Thanks to St. Patrick’s in Washington, DC and For All the Saint:
Saint Gilbert, son of Jocelin, a wealthy Norman knight, and his Anglo-Saxon wife, was regarded as unfit for ordinary feudal life because of some kind of physical deformity. For this reason, he was sent to France to study and took a master’s degree.
Upon his return to England, Gilbert started a school for both boys and girls. From his father, he received the hereditary benefices of Sempringham and Torrington in Lincolnshire, but he gave all the revenues from them to the poor, except a small sum for bare necessities. As he was not yet ordained, he appointed a vicar for the liturgies and lived in poverty in the vicarage.
In 1122, Gilbert became a clerk in the household of Bishop Robert Bloet of Lincoln and was ordained by Robert’s successor Alexander, and was offered, but refused, a rich archdeaconry. Instead, upon the death of his father in 1131, Gilbert returned to Sempringham as lord of the manor and parson. By his care his parishioners seemed to lead the lives of religious men and, wherever they went, were known to be of his flock by their conversation.
That same year of 1131, he organized a group of seven young women of the parish into a community under the Benedictine rule. They lived in strict enclosure in a house adjoining Sempringham’s parish church of Saint Andrew. As the foundation grew, Gilbert added laysisters and, on the advice of the Cistercian Abbot William of Rievaulx, lay brothers to work the land. A second house was soon founded.
In 1148, Gilbert went to the general chapter at Cîteaux to ask the Cistercians to take on the governance of the community. When the Cistercians declined because women were included, Gilbert provided chaplains for his nuns by establishing a body of canons following the Augustinian rule with the approval of Pope Eugene III, who was present at the chapter. Saint Bernard helped Gilbert draw up the Institutes of the Order of Sempringham, of which Eugenius made him the master. Thus, the canons followed the Augustinian Rule and the lay brothers and sisters that of Cîteaux. Women formed the majority of the order; the men both governed them and ministered to their needs, temporal and spiritual. The Gilbertines are the only specifically English order, and except for one foundation in Scotland, never spread beyond its border.
This order grew rapidly to 13 foundations, including men’s and women’s houses side by side and also monasteries solely for canons. They also ran leper hospitals and orphanages. Gilbert imposed a strict rule on his order. An illustration of the enforced simplicity of life was the fact that the choir office was celebrated without fanfare.
As master general of the order, Saint Gilbert set an admirable example of abstemious and devoted living and concern for the poor. Gilbert’s diet consisted primarily of roots and pulse in small amounts. He always set a place at the table for Jesus, in which he put all the best of what was served up, and this was for the poor. He wore a hair-shirt, took his short rest in a sitting position, and spent most of each night in prayer.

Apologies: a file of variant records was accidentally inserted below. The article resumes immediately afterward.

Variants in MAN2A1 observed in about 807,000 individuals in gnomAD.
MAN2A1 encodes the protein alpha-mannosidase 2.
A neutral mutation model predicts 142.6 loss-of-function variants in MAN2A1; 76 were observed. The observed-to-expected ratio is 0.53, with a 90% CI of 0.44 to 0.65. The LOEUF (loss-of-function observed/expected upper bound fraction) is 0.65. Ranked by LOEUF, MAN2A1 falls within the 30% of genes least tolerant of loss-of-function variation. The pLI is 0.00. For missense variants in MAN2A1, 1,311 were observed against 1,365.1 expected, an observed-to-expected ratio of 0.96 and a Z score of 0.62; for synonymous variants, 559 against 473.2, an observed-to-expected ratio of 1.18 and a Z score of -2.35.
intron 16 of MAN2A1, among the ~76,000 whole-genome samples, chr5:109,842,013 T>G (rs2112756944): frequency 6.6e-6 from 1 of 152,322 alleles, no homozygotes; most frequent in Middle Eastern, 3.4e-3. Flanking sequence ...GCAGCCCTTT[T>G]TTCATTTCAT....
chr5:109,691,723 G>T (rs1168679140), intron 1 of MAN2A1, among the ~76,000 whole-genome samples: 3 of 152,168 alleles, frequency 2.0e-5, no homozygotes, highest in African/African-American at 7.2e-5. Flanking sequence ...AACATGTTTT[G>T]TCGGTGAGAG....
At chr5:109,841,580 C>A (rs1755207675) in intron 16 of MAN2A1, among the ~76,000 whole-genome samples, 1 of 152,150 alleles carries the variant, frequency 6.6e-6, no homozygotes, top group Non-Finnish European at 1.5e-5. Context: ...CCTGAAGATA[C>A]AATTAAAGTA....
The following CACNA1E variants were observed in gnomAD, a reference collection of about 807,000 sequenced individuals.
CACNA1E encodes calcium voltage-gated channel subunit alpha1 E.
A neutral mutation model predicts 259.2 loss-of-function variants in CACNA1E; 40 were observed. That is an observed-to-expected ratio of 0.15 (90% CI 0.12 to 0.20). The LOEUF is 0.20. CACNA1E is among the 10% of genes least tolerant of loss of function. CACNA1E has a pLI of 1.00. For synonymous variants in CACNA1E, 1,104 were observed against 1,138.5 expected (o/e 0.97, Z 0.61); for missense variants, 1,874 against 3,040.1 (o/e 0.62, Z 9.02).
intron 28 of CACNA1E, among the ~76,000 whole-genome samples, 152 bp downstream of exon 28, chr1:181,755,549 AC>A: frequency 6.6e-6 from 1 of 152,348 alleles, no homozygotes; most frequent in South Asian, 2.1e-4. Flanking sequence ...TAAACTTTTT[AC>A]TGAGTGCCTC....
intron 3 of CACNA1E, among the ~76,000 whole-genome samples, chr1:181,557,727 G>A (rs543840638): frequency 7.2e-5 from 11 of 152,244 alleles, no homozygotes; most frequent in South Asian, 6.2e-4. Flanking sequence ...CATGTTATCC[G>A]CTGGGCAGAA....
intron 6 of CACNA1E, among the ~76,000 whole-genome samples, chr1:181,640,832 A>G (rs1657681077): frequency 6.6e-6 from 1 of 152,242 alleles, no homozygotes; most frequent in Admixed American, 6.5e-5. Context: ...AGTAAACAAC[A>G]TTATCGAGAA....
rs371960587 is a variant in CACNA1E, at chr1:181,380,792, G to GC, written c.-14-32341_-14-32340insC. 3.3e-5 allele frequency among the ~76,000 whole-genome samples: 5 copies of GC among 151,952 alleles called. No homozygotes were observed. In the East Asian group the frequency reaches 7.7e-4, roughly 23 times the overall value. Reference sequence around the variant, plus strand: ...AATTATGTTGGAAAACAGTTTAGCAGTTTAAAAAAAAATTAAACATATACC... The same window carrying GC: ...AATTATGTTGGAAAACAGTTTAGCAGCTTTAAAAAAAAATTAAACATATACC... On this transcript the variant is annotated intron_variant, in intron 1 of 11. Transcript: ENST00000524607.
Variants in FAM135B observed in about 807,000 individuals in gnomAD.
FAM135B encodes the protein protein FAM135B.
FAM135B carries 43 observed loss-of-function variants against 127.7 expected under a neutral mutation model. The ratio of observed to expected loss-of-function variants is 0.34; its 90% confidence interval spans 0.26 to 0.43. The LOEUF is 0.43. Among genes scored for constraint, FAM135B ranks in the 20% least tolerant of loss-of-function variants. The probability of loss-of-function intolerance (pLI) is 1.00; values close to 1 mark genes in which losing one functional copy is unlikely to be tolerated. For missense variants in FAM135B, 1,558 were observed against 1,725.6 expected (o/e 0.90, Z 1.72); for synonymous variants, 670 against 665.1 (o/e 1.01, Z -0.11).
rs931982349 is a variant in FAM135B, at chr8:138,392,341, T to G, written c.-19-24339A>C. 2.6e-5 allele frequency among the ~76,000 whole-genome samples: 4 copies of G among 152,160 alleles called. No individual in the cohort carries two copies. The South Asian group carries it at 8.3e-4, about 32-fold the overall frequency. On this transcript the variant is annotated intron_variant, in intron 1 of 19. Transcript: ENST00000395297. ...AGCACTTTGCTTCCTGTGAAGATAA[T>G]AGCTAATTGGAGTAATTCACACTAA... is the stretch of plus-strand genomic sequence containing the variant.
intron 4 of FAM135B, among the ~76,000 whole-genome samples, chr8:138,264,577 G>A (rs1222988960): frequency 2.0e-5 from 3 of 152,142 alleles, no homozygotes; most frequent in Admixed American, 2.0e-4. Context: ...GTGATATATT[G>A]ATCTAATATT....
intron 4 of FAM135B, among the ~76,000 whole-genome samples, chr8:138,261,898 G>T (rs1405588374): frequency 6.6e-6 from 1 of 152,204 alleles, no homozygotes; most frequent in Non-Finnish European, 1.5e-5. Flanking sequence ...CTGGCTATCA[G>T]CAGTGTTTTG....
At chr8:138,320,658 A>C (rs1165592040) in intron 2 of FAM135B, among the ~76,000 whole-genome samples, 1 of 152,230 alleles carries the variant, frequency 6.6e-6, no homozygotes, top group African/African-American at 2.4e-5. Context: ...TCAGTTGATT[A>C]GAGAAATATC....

And, he was never idle. He travelled frequently from house to house (primarily in Lincolnshire and Yorkshire), forever active in copying manuscripts, making furniture, and building.
The later years of his long life were seriously disturbed. When he was about 80, he was arrested and charged with assisting Saint Thomas á Becket, who had taken refuge abroad from King Henry II after the council at Northampton (1163). (Thomas, dressed as a Sempringham lay brother, was said to have fled north to their houses in the Lincolnshire Fens before doubling back on his tracks south to Kent.) Though he was not guilty of this kindness, the saint chose to suffer rather than seem to condemn that which would have been good and just. Eventually the charge was dropped, although Gilbert still refused to deny it on oath.
Later still there was a revolt among his laybrothers, who grievously slandered the 90-year-old man, saying that there was too much work and not enough food. The rebellion was led by two skilled craftsmen who slandered Gilbert, obtained funds and support from magnates in the church and state, and took the case to Rome. There Pope Alexander III decided in Gilbert’s favor, but the living conditions were improved.
Saint Gilbert lived to be 106 and passed his last years nearly blind, as a simple member of the order he had founded and governed. He had built 13 monasteries (of which nine were double) and four dedicated solely to canons encompassing about 1,500 religious. Contemporary chroniclers highly praised both Gilbert and his nuns. His cultus was spontaneous and immediate. Miracles wrought at his tomb were examined and approved by Archbishop Hubert Walter of Canterbury (who ordered the English bishops to celebrate Gilbert’s feast) and the commissioners of Pope Innocent III in 1201, leading to his canonization the following year. His name was added to the calendar on the wall of the Roman church of the Four Crowned Martyrs soon after his canonization. His relics are said to have been taken by King Louis VIII to Toulouse, France, where they are kept in the Church of Saint Sernin.
Because the Gilbertine Order was contained within the borders of England, it came to an end when its 26 houses were suppressed by King Henry VIII (Attwater, Benedictines, Delaney, Encyclopedia, Farmer, Graham, Husenbeth, Walsh, White).